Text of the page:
During menopause, women may experience many undesirable symptoms, some of which can have an effect on your loved ones and other people around you; a change in mood is one of these. Specifically, feeling angry and irritable is a common state for women who are going through menopause. Many women find that they struggle with anger and irritability, particularly because of the negative impact they can have on their relationships, and general attitude towards daily life. Useful information about the reasons behind anger and irritability, and how these feelings can be addressed.
Hormonal Changes Cause Anger and Irritability
The presence and interactions of hormones in the body affect women throughout the different processes of their lives. During menopause, hormonal fluctuations are responsible for many symptoms, one of which is a shift in mood. Specifically, estrogen levels deplete, which can cause changes to the chemical make-up in the brain, they impact on serotonin; if estrogen decreases, so do serotonin levels. This means that a woman's mood is likely to worsen.
There Are Different Triggers for Anger and Irritability
The general increase in sensitivity caused by hormonal imbalance throughout menopause means that being angry and irritable can be triggered by many different things:
- Unexpected changes to life, such as to do with relationships, employment, or housing
- Lack of exercise
- Unhealthy foods
- Sleep disorders
Anger and Irritability Have Many Signs and Symptoms
Feeling angry and irritable can cause people to react in different ways. Many women who experience this symptom of menopause may find that they suffer from the following:
Impatience with others. Women sometimes become less tolerant of opposing views or attitudes, which can often lead to arguments. These may be disproportional to the situation at hand.
Overreacting. Seemingly ordinary circumstances ( i.e., minor problems or setbacks), which did not bother them before the start of menopause, appear to be more of importance.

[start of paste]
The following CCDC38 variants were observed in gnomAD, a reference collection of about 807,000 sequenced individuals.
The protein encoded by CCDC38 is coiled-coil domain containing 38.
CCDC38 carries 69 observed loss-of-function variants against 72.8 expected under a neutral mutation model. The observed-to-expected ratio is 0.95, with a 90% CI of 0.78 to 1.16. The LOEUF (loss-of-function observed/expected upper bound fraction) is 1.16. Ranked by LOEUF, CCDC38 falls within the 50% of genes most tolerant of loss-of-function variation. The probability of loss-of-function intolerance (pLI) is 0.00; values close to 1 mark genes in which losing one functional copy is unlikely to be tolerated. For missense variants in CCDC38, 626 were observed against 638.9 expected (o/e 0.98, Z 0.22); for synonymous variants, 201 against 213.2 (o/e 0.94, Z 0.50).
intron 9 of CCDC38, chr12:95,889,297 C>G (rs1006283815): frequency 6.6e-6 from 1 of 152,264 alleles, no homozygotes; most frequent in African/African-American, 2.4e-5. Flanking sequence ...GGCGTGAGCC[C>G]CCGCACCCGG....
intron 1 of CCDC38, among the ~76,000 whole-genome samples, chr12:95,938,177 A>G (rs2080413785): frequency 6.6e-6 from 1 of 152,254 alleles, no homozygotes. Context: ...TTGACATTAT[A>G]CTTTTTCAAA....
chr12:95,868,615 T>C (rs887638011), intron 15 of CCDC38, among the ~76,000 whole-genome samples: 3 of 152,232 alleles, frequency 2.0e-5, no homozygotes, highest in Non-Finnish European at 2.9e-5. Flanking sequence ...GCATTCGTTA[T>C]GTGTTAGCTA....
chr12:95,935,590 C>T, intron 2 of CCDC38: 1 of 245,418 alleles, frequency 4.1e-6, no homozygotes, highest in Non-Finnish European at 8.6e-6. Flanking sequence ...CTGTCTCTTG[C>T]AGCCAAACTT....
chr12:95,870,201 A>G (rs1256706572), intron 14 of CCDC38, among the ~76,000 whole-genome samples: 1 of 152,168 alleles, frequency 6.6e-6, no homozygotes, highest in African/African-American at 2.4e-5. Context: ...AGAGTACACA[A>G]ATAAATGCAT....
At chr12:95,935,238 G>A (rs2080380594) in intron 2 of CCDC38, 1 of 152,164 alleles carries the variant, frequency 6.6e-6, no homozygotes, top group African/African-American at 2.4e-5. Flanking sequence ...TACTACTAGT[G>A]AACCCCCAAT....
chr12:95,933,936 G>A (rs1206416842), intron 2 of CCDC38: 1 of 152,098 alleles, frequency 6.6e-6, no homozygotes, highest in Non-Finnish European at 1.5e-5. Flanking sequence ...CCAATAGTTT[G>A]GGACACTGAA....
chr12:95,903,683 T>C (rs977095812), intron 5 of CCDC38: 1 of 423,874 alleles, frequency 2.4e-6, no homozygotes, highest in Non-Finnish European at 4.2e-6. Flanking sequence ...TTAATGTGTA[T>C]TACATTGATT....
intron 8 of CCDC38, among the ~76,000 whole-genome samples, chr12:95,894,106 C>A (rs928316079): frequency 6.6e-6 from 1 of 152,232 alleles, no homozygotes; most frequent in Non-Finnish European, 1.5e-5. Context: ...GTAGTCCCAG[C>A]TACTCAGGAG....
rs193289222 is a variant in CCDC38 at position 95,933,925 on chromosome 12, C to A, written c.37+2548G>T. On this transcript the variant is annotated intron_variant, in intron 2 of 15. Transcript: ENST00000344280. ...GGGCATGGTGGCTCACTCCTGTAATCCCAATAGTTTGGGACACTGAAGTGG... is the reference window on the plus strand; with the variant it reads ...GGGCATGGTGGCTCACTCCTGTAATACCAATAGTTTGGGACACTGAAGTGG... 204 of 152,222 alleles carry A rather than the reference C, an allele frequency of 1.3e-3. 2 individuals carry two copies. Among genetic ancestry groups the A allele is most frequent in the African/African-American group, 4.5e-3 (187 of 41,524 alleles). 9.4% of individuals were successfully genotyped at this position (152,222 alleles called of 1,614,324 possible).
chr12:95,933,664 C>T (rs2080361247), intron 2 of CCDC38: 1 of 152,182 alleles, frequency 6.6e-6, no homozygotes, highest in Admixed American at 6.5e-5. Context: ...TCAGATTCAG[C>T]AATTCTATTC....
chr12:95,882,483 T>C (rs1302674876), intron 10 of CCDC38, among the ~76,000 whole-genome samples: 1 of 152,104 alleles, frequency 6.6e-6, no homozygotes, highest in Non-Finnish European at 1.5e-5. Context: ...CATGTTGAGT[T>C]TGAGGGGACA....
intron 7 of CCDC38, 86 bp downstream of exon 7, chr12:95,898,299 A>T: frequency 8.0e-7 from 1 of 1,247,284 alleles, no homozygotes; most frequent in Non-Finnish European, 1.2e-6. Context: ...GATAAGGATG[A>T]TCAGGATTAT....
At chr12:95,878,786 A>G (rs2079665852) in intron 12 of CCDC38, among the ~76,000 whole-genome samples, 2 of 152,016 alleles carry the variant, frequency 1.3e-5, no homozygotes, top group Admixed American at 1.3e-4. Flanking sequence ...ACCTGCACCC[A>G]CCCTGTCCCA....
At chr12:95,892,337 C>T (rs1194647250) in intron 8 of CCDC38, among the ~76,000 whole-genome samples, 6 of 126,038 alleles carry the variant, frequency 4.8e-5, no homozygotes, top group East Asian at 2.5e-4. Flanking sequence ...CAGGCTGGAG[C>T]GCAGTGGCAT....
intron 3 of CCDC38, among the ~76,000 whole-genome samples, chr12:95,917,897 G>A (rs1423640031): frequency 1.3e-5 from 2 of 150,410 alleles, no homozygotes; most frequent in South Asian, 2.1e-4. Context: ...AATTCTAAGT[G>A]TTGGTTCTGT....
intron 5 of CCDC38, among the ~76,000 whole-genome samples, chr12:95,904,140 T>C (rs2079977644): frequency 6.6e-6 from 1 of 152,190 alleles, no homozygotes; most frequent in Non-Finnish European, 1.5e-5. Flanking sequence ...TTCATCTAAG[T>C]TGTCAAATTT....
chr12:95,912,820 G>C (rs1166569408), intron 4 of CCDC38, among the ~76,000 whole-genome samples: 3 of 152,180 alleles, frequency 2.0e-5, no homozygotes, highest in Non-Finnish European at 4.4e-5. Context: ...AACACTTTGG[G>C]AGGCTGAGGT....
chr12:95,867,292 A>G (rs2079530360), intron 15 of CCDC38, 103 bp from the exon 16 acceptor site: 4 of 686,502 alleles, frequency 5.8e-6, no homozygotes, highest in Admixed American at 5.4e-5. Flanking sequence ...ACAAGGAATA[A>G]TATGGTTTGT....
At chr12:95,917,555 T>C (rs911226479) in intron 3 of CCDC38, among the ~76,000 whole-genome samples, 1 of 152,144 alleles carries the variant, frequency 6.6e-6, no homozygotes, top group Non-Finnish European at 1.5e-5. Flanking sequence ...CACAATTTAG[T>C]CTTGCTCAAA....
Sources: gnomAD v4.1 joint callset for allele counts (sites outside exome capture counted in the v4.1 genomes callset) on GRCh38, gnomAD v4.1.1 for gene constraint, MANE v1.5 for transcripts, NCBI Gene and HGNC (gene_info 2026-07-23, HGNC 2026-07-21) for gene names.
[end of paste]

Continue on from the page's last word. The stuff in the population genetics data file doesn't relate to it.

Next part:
Insomnia. It can also be caused by anger and irritation. When the mind is occupied with feeling stress and anxiety, it is common for people to have trouble sleeping.
Anger and Irritability Can Be Easily Treated
Different women may find that different coping methods work for them. There are a wide variety of medications and therapies available, so it may take some research to find the right one.
In addition to seeking professional advice, it may be possible to alleviate anger and irritability simply by making a few lifestyle changes. For example, many women benefit from taking relaxing baths, practicing yoga, and meditation, spending time with friends and family, and ensuring that time is taken for oneself frequently. These are all positive actions which are known to help improve mood, and are suggested to anyone suffering from anger and irritability.
Women deal with anger and irritability during menopause in many ways, from changing their diet and exercise regime, to taking time out to meditate and thoroughly relax. It is important to address feelings of anger and irritation, especially to ensure that your relationships are not affected; the support of friends and family at this time is invaluable. Read more about how to address these problems.
- Women's Health Research Institute, Northwestern University. (2013). How Hormone Depletion Affects You. Retrieved April 18, 2017, from http://menopause.northwestern.edu/content/how-hormone-depletion-affects-you
- BC Medical Journal. (2001). Depression and emotional aspects of the menopause. Retrieved April 18, 2017, from http://www.bcmj.org/article/depression-and-emotional-aspects-menopause